(Host) In his Inaugural Address today, Governor Jim Douglas urged lawmakers to take bold steps to help Vermont become a national environmental leader in the 21st century.
As part of the initiative, Douglas wants to attract high-tech companies that are building new types of pollution control equipment.
The Governor also wants to create a public/private partnership to expand high speed Internet coverage throughout the state.
VPR’s Bob Kinzel reports:
(Kinzel) Douglas used his address as an opportunity to outline a broad vision of the state’s economic future. The governor wrapped his new initiatives under the banner of “The Vermont Way Forward.”
It’s a vision to make Vermont the national center of environmental engineering efforts to find solutions to a wide variety of water, air and toxic chemical waste problems.
(Douglas) “Vermont has a legacy of leadership that stretches back to our state’s founding. We’ll take that heritage forward and become a leader in a new economic frontier, a system of continual and substantial growth that harnesses our immeasurable intellectual wealth. To do so, we must bring together advancements in technology and education around the core of our shared environmental ethic.”
(Kinzel) Douglas said statewide access to high speed Internet service is a critical part of Vermont’s economic future. The governor called for a public-private partnership to expand broadband coverage to every part of the state.
Douglas said the issue is too important to wait for the private sector to accomplish this goal on its own:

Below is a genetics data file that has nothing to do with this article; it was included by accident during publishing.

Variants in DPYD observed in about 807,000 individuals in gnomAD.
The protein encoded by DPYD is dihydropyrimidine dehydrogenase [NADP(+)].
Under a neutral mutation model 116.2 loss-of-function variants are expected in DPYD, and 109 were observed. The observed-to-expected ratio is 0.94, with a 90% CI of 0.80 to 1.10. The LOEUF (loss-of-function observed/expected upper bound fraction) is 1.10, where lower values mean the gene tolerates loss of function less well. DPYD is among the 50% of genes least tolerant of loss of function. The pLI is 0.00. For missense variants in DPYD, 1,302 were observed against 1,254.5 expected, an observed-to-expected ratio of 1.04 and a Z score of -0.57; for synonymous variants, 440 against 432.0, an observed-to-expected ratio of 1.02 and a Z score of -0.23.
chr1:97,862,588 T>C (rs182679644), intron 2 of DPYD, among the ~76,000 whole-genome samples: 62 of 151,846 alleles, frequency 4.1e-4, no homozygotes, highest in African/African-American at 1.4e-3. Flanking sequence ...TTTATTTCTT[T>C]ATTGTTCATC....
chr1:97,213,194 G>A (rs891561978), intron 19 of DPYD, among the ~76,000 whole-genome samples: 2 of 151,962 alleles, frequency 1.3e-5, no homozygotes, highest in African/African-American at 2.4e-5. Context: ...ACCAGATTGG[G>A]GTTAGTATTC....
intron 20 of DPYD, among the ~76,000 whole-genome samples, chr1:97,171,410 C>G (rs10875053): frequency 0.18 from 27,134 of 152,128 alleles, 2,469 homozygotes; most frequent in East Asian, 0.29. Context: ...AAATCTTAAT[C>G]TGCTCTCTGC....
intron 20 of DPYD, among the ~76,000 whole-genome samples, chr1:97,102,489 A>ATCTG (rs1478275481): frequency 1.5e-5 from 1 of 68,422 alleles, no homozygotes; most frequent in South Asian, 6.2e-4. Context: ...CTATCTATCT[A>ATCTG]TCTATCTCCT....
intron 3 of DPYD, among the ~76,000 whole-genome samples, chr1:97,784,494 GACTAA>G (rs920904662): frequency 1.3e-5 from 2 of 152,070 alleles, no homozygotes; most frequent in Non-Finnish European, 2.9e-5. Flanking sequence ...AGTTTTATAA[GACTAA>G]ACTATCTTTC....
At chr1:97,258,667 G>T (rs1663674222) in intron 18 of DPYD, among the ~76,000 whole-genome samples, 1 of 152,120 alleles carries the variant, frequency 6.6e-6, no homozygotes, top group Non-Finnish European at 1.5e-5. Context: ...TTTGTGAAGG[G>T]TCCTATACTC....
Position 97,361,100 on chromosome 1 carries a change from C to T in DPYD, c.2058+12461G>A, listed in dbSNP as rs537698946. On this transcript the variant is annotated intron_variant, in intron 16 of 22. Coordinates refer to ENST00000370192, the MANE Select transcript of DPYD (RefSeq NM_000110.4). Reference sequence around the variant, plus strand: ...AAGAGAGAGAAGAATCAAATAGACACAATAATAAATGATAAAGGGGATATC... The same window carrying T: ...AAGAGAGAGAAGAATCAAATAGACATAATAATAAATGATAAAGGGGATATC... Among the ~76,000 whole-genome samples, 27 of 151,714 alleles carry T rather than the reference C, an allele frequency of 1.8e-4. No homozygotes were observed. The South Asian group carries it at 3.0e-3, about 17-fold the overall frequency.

(Douglas) “Broadband, Internet and wireless cellular are no longer mere conveniences afforded to urbanites and well heeled. They’re a fundamental part of modern life for all Vermonters, as essential as electricity and good roads. This is the technical foundation of the Vermont Way Forward.”
(Kinzel) Although Douglas called rising property tax burdens the most important economic issue facing the state, he didn’t offer any new plans to deal with this issue. Instead he reiterated his call for a cap on local spending.
However he did make it clear that he’ll strongly oppose all efforts to lower property taxes by shifting burdens to another statewide tax. That’s an approach favored by the Vermont League of Cities and Towns.
(Douglas) “The oppressive property tax burden is the single greatest threat to Vermonters renowned resolve. We must work together to ease the weight of property taxes on working Vermonters without shifting it to another tax.”
(Kinzel) The governor said he wanted to honor the educational legacy of former senator Robert Stafford, who died last month at the age of 93, by naming regional centers after Stafford that would focus on math, science and technology issues.
For Vermont Public Radio I’m Bob Kinzel in Montpelier.